HOUSTON – An official with a Houston-based energy company has recanted comments from their CEO made earlier on Friday that two workers died during a fire on one of their oil platforms off the coast of Louisiana.
An official with Black Elk Energy in Houston said that the search for the two missing workers continues and that they will not declare them dead. The U.S. Coast Guard has not confirmed the deaths either.
In an on-air interview with KHOU News 11, John Hoffman, CEO of Black Elk Energy, said that two workers were dead and one was missing.
Five other workers remained hospitalized as of noon on Friday and two others were released, Hoffman confirmed earlier Friday.
The U.S. Coast Guard said at a press conference at noon that 26 total workers were on the platform Friday morning.
Four left the platform prior to the accident and 11 more after the fire, a spokesman with Coast Guard confirmed. He said nine more were later found and evacuated with two still missing. He could not confirm the two deaths, but said that 11 were sent to various hospitals in Jefferson Parish, La.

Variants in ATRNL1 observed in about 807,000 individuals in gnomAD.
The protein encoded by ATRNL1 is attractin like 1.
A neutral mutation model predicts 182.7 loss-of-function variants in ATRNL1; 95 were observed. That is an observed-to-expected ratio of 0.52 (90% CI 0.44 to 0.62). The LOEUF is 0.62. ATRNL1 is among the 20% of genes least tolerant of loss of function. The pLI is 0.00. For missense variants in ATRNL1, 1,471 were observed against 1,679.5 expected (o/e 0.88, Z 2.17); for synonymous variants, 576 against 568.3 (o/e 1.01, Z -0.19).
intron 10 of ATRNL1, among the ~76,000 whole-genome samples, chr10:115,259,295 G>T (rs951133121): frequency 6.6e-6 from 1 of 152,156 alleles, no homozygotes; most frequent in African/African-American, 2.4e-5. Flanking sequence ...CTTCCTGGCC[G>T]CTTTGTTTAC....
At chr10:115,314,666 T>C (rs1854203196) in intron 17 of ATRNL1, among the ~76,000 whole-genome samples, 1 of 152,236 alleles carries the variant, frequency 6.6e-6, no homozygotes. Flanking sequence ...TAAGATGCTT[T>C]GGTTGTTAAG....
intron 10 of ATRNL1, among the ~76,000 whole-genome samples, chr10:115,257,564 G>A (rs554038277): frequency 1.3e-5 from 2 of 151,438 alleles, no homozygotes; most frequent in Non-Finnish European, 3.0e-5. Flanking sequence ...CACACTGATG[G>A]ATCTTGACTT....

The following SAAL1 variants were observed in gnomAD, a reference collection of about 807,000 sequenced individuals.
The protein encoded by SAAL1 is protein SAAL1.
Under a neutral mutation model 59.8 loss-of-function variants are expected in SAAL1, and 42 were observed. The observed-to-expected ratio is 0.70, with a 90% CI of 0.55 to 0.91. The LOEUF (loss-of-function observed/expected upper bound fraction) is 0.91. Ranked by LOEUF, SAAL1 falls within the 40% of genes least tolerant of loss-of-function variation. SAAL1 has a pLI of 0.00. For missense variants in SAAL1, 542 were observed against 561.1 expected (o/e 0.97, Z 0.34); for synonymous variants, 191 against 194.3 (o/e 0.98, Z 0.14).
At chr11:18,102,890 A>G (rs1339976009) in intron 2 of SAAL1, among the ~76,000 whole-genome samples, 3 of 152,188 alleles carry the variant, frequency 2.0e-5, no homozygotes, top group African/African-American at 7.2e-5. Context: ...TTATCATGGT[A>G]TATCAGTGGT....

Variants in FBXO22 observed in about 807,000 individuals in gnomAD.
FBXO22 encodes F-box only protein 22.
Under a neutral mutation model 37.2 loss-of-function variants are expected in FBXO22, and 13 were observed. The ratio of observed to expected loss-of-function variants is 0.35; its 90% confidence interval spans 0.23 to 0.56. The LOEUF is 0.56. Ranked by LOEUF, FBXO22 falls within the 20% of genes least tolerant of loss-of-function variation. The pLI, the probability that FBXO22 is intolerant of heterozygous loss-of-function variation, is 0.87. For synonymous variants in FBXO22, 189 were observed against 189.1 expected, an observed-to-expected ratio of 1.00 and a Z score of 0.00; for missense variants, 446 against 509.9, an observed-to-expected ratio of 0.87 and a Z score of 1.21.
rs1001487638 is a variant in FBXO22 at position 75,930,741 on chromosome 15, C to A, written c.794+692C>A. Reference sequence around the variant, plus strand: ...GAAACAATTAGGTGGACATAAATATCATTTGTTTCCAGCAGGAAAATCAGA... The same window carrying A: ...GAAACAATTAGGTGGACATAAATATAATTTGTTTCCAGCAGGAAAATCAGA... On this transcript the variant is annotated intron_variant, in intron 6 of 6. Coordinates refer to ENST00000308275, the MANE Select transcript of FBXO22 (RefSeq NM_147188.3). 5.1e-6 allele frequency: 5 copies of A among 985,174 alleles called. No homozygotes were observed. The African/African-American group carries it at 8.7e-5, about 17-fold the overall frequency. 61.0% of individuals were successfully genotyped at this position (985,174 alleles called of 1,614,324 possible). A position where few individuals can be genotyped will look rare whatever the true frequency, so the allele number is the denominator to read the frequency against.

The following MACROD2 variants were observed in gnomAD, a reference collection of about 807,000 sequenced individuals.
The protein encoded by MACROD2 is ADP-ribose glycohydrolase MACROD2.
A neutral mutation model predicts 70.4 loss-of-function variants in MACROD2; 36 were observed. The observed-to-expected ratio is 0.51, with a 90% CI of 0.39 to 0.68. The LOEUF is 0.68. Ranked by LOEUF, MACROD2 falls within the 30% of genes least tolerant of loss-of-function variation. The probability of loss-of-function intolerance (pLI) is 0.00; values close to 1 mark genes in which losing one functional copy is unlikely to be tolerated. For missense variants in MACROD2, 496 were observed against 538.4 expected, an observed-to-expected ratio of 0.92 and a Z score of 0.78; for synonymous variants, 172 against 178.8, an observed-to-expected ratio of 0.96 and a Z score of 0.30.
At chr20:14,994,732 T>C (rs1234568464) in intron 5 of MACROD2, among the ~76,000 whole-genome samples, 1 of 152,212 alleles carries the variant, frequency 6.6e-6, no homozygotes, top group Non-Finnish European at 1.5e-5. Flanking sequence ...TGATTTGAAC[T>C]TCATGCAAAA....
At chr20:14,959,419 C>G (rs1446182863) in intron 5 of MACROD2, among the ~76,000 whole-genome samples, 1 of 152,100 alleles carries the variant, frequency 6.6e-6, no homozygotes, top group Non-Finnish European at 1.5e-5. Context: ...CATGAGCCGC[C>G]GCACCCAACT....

At the time of the press conference, it was not clear whether or not if the two workers reported missing were in fact the same two that Hoffman had declared dead since he mentioned only one worker missing at the time.
Jefferson Parish Councilman Chris Roberts told WWL-TV the platform is in shallow water located in West Delta Block 32 in the Gulf of Mexico. The Coast Guard said the location is about 25 miles southeast of Grand Isle, La.
The Coast Guard activated a "command center" to investigate the incident, and two helicopter teams -- one from Mobile, Alabama and the other from New Orleans -- were called in to help with the search. Two small boat stations out of Grand Isle and Venice were also sent to the scene.
“Our focus at this very point is for the well being and the treatment for those injured, and those that were not injured in this to have crisis management counselors available to them,” Hoffman said.
Workers on the platform, which produces oil and natural gas, are contractors and do not work for the company directly, Hoffman said.
At the time of the fire, the workers were cutting a 75-foot pipe that was 3 inches in diameter and contained as much as 75 gallons of product, Hoffman said.
The process for cutting the pipe calls for a “cold-cutting device,” or a non-sparking tool, Hoffman said. However, he confirmed that a cutting torch was used instead, which ignited the vapors in the pipe.
The Coast Guard said that there is a half-mile by 200-yard oil sheen from the platform. The platform was not in production at the time of the fire and remains structurally sound, the spokesman added.
The Marine Safety Unit in Morgan City, La. and the Bureau of Safety and Environment Enforcement will investigate the environment impact of the accident, spokesman for the Coast Guard said.
Check back for updates to this developing story.